[ix] Pathol Biol (Paris). 2015 Feb;63(1):35-42. doi: 10.1016/j.patbio.2014.10.003. Epub 2014 Nov 2.

[x] Int J Mol Sci. 2019 May; 20(9): 2115.

[xi] Cochrane Database Syst Rev. 2004;(2):CD003498.

[xii] Chang Gung Med J. 2009 Jul-Aug;32(4):459-65.

[xiii] PLoS One. 2013 Jun 18;8(6):e66155. doi: 10.1371/journal.pone.0066155. Print 2013.

[xiv] PLoS One. 2019; 14(1): e0210064.

[xv] Nutr Neurosci. 2018 Nov;21(9):676-681. doi: 10.1080/1028415X.2017.1347746. Epub 2017 Jul 7.

[xvi] Front Microbiol. 2018; 9: 1785.

[xvii] Microbiome. 2018; 6: 133.

[xviii] Foods. 2019 Mar; 8(3): 92.

[xix] J Dev Behav Pediatr. 2006 Apr;27(2 Suppl):S120-7.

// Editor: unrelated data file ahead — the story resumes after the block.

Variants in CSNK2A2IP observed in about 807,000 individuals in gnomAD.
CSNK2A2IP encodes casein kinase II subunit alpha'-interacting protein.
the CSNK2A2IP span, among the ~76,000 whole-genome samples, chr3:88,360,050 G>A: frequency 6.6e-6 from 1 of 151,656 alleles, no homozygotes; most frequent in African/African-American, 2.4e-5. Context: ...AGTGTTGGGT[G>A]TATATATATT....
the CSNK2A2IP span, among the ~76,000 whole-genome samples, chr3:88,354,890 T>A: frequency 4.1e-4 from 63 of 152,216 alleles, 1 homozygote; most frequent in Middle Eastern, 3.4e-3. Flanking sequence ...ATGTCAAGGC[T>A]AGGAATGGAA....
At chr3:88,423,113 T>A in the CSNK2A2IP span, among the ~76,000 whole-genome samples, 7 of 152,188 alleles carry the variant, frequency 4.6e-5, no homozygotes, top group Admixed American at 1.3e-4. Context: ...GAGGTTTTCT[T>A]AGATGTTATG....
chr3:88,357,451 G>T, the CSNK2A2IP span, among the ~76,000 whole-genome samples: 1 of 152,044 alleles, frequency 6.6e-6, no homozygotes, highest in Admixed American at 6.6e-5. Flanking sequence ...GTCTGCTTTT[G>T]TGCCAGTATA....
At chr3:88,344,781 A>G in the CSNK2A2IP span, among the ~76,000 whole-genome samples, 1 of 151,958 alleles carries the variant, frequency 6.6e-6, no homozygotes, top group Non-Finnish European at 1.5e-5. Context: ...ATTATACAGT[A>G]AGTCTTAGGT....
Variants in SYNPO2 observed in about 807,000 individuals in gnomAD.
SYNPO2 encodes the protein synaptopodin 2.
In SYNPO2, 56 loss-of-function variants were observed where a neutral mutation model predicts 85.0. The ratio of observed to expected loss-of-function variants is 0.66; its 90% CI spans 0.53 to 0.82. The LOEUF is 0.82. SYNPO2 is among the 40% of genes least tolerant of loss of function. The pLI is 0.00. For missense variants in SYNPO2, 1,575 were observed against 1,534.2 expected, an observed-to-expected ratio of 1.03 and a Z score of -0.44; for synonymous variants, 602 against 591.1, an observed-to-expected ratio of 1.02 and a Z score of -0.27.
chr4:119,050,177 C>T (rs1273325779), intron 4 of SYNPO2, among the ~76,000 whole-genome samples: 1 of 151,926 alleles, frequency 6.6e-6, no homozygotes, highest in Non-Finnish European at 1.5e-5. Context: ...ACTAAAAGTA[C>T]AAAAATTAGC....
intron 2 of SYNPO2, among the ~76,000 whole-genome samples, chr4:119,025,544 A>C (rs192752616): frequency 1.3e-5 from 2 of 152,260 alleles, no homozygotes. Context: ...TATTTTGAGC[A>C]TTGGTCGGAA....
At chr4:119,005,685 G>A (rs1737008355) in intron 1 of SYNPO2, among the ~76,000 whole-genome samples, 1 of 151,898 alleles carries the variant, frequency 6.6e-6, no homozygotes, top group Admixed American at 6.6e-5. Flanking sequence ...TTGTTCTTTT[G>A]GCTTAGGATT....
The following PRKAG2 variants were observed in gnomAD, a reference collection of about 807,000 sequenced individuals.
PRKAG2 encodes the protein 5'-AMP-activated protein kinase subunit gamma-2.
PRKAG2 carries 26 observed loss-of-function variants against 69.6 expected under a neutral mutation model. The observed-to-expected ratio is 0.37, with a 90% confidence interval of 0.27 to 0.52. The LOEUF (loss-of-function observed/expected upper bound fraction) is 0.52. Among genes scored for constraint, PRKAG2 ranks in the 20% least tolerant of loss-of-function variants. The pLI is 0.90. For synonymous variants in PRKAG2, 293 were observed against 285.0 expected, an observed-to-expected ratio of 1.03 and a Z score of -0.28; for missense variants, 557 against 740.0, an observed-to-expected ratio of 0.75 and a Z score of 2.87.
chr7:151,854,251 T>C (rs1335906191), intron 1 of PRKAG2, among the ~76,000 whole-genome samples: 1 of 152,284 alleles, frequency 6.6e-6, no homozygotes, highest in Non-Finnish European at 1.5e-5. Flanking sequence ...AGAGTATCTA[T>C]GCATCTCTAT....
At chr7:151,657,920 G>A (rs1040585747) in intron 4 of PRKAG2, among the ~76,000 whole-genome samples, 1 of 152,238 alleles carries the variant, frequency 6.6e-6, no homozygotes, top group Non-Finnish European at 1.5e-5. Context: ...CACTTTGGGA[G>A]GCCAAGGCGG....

[xx] Ann Nutr Metab. 2020 Jan 24:1-14. doi: 10.1159/000505363. [Epub ahead of print]

[xxi] J Autism Dev Disord. 2016 May;46(5):1636-42. doi: 10.1007/s10803-015-2689-x.

[xxii] PLoS One. 2019 Aug 29;14(8):e0221921. doi: 10.1371/journal.pone.0221921.

[xxiii] J Autism Dev Disord. 2019 Sep;49(9):3866-3876. doi: 10.1007/s10803-019-04093-y.

[xxiv] Yonsei Med J. 2018 Jan 1; 59(1): 4–12.

[xxv] J Antimicrob Chemother. 2019 Jan; 74(Suppl 1): i6–i15.

[xxvi] Ann Nutr Metab. 2020 Jan 24:1-14. doi: 10.1159/000505363. [Epub ahead of print]

[xxvii] J Transl Med. 2017; 15: 73.